By Susanna D –
It was about ten years ago that I was sitting in my air-conditioned office at work and thinking, “I am in a bubble.” It was a really nice bubble. I was 21, I had my own computer, a little corner to myself, work that wasn’t too difficult, and a nice salary that allowed me a lot of little luxuries I had never had before. I had a coffee machine, nice bathrooms, and the luxury of not being affected by the sweltering heat outside. I didn’t have to interact with too many people, which worked just fine for me since I am a bit of an introvert.
So what was the problem? The curse of a comfortable life—a heart that had become numb, comfortably numb. For years I had felt a desire to give more, love more, serve more, but now at the age of 21, I was far from fulfilling that desire. I went to Mass every Sunday, I had a personal prayer time, I read the bible, I was involved with youth ministry in the Christian community I belonged to, and yet my life seemed to lack something.
In 2015, Pope Francis encapsulated what I was feeling when he spoke at the canonization of St. Junipero Serra. “We don’t want apathy to guide our lives… or do we? We don’t want the force of habit to rule our life… or do we? So we ought to ask ourselves: What can we do to keep our heart from growing numb, becoming anesthetized?”
That year I met a group of young American Catholic volunteers. They were visiting for the summer and there was something different about them. They were anything but apathetic. Instead, their lives glowed with zeal and joy. They seemed to have a burning love for Jesus, and for the poor. What was their secret?
Pope Francis continued in his homily: “How do we make the joy of the Gospel increase and take deeper root in our lives? Jesus gives the answer. He said to his disciples then and he says it to us now: Go forth! Proclaim! The joy of the Gospel is something to be experienced, something to be known and lived only through giving it away, through giving ourselves away.”
God spoke that truth loud and clear to me that year. He said, “Susanna, I know you. You were not made for a life of apathy. I want more FROM you, and I want more FOR you. I have a plan, but it means leaving the bubble of your comfort zone. Are you in?”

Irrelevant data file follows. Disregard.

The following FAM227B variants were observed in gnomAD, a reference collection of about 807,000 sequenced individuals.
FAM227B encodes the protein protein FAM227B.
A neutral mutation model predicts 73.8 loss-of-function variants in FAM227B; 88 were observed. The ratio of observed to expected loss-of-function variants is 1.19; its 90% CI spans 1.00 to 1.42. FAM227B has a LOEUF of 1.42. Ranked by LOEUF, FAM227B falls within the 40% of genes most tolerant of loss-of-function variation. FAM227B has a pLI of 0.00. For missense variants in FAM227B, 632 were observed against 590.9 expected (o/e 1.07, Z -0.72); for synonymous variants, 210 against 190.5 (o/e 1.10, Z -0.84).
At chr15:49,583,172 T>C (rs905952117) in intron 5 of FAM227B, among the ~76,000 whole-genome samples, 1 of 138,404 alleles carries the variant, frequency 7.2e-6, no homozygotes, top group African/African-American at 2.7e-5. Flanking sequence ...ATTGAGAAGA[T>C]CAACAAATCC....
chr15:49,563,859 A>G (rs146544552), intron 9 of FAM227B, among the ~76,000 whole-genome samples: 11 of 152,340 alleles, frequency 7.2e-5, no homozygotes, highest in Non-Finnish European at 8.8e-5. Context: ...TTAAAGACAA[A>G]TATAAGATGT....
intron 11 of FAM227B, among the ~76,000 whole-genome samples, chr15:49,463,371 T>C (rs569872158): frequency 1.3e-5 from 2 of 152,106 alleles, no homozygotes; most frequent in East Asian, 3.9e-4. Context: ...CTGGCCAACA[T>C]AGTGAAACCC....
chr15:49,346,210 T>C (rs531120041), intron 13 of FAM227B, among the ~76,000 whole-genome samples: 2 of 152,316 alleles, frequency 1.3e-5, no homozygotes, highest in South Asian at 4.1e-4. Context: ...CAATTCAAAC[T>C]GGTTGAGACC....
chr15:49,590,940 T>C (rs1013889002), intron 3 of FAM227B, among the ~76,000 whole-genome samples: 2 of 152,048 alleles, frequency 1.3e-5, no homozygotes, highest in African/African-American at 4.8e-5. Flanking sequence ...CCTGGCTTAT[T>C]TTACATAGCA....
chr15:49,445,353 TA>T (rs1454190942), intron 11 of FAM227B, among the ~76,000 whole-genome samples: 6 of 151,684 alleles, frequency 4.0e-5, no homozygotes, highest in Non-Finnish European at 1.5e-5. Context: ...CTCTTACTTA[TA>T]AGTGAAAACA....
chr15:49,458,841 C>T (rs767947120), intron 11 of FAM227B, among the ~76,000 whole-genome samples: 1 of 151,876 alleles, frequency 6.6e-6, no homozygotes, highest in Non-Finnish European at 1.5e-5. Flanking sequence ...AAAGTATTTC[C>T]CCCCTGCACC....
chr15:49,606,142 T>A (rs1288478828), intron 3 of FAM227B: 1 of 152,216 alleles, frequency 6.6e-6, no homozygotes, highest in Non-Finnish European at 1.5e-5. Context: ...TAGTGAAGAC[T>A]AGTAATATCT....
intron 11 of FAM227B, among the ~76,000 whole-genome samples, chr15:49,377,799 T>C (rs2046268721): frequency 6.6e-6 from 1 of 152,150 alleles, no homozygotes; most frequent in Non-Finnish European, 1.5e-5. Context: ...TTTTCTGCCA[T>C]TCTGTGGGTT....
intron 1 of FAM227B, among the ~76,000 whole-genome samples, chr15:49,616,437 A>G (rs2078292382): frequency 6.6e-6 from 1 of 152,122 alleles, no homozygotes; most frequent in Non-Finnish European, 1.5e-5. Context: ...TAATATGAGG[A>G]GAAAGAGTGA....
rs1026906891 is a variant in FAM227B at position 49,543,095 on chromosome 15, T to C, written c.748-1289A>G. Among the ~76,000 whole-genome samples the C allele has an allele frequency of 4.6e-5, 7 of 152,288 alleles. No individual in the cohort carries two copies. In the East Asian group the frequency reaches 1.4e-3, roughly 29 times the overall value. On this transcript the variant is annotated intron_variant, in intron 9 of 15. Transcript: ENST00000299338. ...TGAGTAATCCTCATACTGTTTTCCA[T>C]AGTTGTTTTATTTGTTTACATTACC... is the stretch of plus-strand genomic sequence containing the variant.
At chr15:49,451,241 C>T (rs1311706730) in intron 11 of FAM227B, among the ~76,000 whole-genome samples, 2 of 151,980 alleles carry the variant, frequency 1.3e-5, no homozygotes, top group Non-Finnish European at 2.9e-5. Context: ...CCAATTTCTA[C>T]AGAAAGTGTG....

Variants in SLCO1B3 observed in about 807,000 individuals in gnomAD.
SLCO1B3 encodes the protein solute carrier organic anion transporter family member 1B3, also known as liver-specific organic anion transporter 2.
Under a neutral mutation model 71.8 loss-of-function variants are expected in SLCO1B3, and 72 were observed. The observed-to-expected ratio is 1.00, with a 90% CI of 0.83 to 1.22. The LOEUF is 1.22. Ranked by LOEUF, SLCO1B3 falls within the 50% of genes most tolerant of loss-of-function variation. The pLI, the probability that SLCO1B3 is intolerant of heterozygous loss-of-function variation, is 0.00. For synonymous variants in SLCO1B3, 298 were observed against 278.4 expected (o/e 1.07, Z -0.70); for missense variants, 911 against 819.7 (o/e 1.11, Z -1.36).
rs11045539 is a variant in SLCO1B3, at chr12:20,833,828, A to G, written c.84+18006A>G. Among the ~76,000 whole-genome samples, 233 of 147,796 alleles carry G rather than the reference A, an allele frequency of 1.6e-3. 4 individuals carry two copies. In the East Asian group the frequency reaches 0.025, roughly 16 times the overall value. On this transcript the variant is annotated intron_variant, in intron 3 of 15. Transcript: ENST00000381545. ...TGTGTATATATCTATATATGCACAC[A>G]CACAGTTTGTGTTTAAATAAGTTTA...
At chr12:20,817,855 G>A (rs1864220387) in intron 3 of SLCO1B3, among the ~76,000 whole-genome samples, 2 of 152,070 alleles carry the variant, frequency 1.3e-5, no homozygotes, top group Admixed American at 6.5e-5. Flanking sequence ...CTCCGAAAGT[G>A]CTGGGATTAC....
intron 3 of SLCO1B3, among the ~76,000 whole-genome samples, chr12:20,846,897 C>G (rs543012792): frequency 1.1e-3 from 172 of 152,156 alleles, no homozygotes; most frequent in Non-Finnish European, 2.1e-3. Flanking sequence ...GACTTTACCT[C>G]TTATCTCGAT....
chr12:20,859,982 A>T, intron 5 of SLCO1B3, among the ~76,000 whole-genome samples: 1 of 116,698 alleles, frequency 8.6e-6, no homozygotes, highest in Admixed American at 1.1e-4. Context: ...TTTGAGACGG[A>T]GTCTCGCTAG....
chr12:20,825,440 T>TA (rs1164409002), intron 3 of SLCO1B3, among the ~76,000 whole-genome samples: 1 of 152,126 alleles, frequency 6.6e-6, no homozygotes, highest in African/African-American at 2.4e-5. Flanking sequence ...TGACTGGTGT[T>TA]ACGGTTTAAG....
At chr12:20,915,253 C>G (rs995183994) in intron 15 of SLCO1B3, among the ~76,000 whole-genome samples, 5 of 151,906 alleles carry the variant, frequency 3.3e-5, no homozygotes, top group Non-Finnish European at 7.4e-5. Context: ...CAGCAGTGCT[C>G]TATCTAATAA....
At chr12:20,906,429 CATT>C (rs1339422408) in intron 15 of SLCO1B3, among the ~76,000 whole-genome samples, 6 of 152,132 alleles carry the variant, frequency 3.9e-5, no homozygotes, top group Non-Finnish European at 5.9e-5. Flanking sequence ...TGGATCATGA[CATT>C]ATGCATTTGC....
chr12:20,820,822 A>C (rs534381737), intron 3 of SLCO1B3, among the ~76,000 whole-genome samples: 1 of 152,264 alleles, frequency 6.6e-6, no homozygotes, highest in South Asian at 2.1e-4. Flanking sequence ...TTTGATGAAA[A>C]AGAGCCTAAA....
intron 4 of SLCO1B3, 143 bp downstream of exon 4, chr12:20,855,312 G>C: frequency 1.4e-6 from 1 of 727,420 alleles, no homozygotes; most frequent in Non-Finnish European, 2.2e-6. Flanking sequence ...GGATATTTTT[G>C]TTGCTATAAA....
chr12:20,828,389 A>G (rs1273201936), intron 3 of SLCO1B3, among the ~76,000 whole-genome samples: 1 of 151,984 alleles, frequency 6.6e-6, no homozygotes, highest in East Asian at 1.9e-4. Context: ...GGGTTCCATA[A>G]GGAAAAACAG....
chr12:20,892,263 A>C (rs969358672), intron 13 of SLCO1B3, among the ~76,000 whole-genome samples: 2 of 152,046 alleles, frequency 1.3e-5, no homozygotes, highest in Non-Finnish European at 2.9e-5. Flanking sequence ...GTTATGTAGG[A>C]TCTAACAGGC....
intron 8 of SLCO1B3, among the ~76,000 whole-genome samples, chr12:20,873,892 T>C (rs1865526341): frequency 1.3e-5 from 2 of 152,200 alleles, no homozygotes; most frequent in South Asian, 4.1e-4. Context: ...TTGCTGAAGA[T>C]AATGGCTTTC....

But was it possible for me to be different? I knew exactly how lazy, undisciplined, selfish, and hard-hearted I could be. Could God really break me out of that bubble? He said he could, but I needed to say my own yes. Like Mary, I received the grace to say, “Let it be done to me according to your word.”
The following year I left my job to teach at a village school outside Pune. Two years later, in 2010, I became a full-time Catholic volunteer, and I have been one for the past seven years. I have spent time preaching, teaching, visiting homes, praying with people, running retreats, organizing summer clubs for underprivileged children, making real friends with the poor, tutoring kids from the slum, and fundraising for poor students. I learned the truth: that it was truly possible to live a life of JOY but only by giving it away.
“You are so young. Why are you doing this kind of work? You should be having fun!” I was once asked by an older Catholic lady. I was lost for words for a moment. How could I explain that this was a lie that most people buy into? The lie that fulfillment is found in a self-centred life, of endless parties, restaurants, shopping, and stuff (which seems to be a life that is easy to fall into when you’re young and earning), or in worldly acclaim, degrees, promotions, and achievements. It was not true. Nothing could ever satisfy my heart as much as this simple life of Gospel poverty, real friends and community, meaningful service, and daily intimacy with Jesus. The quote that sums up my decision is from a Protestant missionary martyr to Ecuador named Nate Saint: “People ask me why I am wasting my life. I tell them ‘Everyone is wasting their life on something, and when the bubble of this earthly life bursts, what will they have left of eternal significance?’”
I am still a work in progress. God isn’t done with me yet. I still have to choose every day to give my life away instead of running back to my comfort zone, and sometimes I fail. But this life has enabled me to discover and live the ‘joy of the Gospel’.
Have you ever felt this same restlessness and desire for something more? God is calling all of us to step out of our comfort zones and give ourselves away to a world that is hungry for love and salvation. Some are called to do it in the context of the home and work He has already given them. Many are called to step out of their flats and into the slums, to try something new. And some are called to give up everything, and serve Him in full-time ministry. Is God calling you?
(Originally published in the Poona Diocesan Life)
Susanna D serves with Emmaus Catholic Volunteers, an organization of full-time lay Catholic singles and families who serve the poor and share the Gospel through a culture of encounter in various dioceses in India. She blogs at Keeping It Real: Diary of a Not Very Indian Girl and Keeping It Salty: Diary of an Indian Catholic Volunteer